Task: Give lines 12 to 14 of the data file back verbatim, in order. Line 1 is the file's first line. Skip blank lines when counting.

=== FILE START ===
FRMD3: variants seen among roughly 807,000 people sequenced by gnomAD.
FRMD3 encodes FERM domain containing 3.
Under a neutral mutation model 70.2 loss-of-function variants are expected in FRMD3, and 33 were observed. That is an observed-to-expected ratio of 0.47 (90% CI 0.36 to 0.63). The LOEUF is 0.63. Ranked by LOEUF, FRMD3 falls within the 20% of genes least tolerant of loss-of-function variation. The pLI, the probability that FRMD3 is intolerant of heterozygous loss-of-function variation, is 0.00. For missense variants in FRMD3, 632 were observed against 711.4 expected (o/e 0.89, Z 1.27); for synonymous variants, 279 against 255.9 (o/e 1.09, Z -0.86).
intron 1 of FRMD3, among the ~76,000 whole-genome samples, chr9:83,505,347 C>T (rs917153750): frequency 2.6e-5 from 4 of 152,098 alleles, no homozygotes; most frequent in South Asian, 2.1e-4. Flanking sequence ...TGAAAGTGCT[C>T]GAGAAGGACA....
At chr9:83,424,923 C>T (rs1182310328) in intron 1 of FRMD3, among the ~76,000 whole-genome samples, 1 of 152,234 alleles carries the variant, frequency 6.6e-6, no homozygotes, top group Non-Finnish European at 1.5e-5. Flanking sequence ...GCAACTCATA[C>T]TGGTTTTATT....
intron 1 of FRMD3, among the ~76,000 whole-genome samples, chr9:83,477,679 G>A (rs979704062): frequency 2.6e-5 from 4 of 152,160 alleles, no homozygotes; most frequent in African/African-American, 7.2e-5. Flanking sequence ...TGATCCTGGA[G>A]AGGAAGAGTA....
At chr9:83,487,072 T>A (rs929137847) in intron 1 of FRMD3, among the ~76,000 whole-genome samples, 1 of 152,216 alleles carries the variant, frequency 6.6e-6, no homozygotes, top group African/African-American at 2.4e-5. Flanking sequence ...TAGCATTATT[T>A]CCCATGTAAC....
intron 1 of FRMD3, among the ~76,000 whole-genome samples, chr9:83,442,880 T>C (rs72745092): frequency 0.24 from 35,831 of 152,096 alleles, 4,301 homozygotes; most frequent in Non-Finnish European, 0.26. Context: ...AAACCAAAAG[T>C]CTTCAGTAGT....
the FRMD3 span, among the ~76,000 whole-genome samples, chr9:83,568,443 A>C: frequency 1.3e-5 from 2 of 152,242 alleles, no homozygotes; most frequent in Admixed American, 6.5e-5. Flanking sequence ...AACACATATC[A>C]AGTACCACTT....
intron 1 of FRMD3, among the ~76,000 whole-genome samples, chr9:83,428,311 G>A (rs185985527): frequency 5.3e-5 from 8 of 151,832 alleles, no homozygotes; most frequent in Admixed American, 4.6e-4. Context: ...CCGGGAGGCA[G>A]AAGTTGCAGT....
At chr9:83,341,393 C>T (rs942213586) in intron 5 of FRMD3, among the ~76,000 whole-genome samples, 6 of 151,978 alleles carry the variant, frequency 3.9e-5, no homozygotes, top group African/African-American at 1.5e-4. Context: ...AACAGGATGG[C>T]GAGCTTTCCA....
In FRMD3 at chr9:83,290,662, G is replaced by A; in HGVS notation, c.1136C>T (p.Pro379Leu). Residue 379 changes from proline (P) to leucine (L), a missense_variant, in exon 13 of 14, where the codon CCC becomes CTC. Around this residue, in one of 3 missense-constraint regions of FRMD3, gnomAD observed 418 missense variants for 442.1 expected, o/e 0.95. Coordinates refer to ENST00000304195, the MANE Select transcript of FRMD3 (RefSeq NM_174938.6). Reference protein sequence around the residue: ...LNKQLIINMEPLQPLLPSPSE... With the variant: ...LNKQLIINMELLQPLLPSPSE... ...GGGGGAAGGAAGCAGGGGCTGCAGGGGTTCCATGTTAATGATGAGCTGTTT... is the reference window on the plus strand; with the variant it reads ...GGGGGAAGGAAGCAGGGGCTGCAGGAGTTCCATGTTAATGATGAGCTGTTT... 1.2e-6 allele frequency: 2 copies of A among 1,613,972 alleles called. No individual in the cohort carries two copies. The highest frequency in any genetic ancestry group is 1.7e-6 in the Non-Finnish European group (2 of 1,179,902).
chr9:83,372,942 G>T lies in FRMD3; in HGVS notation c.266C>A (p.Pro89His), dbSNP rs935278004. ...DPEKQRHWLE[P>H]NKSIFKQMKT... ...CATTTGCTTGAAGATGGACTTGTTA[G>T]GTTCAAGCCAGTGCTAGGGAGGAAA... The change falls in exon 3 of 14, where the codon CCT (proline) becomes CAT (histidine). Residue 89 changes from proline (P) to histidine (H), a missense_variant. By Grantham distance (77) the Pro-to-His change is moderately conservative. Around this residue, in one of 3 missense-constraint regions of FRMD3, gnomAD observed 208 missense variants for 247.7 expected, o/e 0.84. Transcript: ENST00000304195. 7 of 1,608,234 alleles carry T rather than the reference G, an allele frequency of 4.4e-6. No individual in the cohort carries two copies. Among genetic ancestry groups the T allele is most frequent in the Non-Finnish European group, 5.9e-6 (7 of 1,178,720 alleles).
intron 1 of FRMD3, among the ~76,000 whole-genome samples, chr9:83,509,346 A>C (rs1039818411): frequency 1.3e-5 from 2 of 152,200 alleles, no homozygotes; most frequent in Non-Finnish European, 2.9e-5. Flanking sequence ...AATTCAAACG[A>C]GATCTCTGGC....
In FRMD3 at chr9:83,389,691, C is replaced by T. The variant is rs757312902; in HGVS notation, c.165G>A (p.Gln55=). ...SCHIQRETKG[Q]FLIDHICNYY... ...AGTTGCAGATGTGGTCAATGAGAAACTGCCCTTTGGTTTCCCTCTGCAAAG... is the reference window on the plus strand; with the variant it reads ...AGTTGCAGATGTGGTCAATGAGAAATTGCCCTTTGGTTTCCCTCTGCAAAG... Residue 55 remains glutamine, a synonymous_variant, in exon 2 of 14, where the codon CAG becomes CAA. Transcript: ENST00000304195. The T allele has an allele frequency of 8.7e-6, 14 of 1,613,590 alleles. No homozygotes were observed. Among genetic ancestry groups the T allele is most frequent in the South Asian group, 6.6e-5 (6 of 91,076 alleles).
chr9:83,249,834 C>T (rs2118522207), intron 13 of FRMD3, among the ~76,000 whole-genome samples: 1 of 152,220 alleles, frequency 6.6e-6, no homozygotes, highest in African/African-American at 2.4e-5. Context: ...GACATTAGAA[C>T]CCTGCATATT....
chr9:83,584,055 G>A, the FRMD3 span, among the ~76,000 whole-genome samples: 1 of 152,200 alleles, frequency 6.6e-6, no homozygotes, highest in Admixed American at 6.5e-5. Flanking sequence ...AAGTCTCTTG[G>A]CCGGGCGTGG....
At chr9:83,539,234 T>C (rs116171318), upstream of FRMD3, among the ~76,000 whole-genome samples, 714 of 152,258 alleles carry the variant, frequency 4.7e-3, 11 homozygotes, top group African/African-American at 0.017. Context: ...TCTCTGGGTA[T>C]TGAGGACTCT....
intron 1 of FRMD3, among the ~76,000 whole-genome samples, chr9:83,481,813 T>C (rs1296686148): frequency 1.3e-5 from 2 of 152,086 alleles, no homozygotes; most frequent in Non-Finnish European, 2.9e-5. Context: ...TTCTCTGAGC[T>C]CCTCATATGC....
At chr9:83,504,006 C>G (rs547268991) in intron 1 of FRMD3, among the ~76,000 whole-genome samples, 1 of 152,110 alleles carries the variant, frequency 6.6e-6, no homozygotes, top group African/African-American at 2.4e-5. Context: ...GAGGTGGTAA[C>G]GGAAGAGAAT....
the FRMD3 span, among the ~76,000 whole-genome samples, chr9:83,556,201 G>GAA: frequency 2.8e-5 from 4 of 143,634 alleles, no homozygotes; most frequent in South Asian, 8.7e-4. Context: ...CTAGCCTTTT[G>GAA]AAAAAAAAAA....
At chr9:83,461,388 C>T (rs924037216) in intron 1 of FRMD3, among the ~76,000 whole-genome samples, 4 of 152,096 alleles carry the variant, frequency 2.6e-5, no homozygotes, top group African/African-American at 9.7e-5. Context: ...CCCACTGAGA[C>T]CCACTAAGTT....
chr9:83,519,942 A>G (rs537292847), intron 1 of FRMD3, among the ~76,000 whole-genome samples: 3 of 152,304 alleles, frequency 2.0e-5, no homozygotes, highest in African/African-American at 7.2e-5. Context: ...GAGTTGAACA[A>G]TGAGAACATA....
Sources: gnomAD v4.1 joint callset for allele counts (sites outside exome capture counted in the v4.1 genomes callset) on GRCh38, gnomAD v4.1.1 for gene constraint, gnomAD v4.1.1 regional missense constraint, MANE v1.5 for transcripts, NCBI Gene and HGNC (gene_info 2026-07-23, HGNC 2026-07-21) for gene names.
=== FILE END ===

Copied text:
In FRMD3 at chr9:83,290,662, G is replaced by A; in HGVS notation, c.1136C>T (p.Pro379Leu). Residue 379 changes from proline (P) to leucine (L), a missense_variant, in exon 13 of 14, where the codon CCC becomes CTC. Around this residue, in one of 3 missense-constraint regions of FRMD3, gnomAD observed 418 missense variants for 442.1 expected, o/e 0.95. Coordinates refer to ENST00000304195, the MANE Select transcript of FRMD3 (RefSeq NM_174938.6). Reference protein sequence around the residue: ...LNKQLIINMEPLQPLLPSPSE... With the variant: ...LNKQLIINMELLQPLLPSPSE... ...GGGGGAAGGAAGCAGGGGCTGCAGGGGTTCCATGTTAATGATGAGCTGTTT... is the reference window on the plus strand; with the variant it reads ...GGGGGAAGGAAGCAGGGGCTGCAGGAGTTCCATGTTAATGATGAGCTGTTT... 1.2e-6 allele frequency: 2 copies of A among 1,613,972 alleles called. No individual in the cohort carries two copies. The highest frequency in any genetic ancestry group is 1.7e-6 in the Non-Finnish European group (2 of 1,179,902).
chr9:83,372,942 G>T lies in FRMD3; in HGVS notation c.266C>A (p.Pro89His), dbSNP rs935278004. ...DPEKQRHWLE[P>H]NKSIFKQMKT... ...CATTTGCTTGAAGATGGACTTGTTA[G>T]GTTCAAGCCAGTGCTAGGGAGGAAA... The change falls in exon 3 of 14, where the codon CCT (proline) becomes CAT (histidine). Residue 89 changes from proline (P) to histidine (H), a missense_variant. By Grantham distance (77) the Pro-to-His change is moderately conservative. Around this residue, in one of 3 missense-constraint regions of FRMD3, gnomAD observed 208 missense variants for 247.7 expected, o/e 0.84. Transcript: ENST00000304195. 7 of 1,608,234 alleles carry T rather than the reference G, an allele frequency of 4.4e-6. No individual in the cohort carries two copies. Among genetic ancestry groups the T allele is most frequent in the Non-Finnish European group, 5.9e-6 (7 of 1,178,720 alleles).
intron 1 of FRMD3, among the ~76,000 whole-genome samples, chr9:83,509,346 A>C (rs1039818411): frequency 1.3e-5 from 2 of 152,200 alleles, no homozygotes; most frequent in Non-Finnish European, 2.9e-5. Flanking sequence ...AATTCAAACG[A>C]GATCTCTGGC....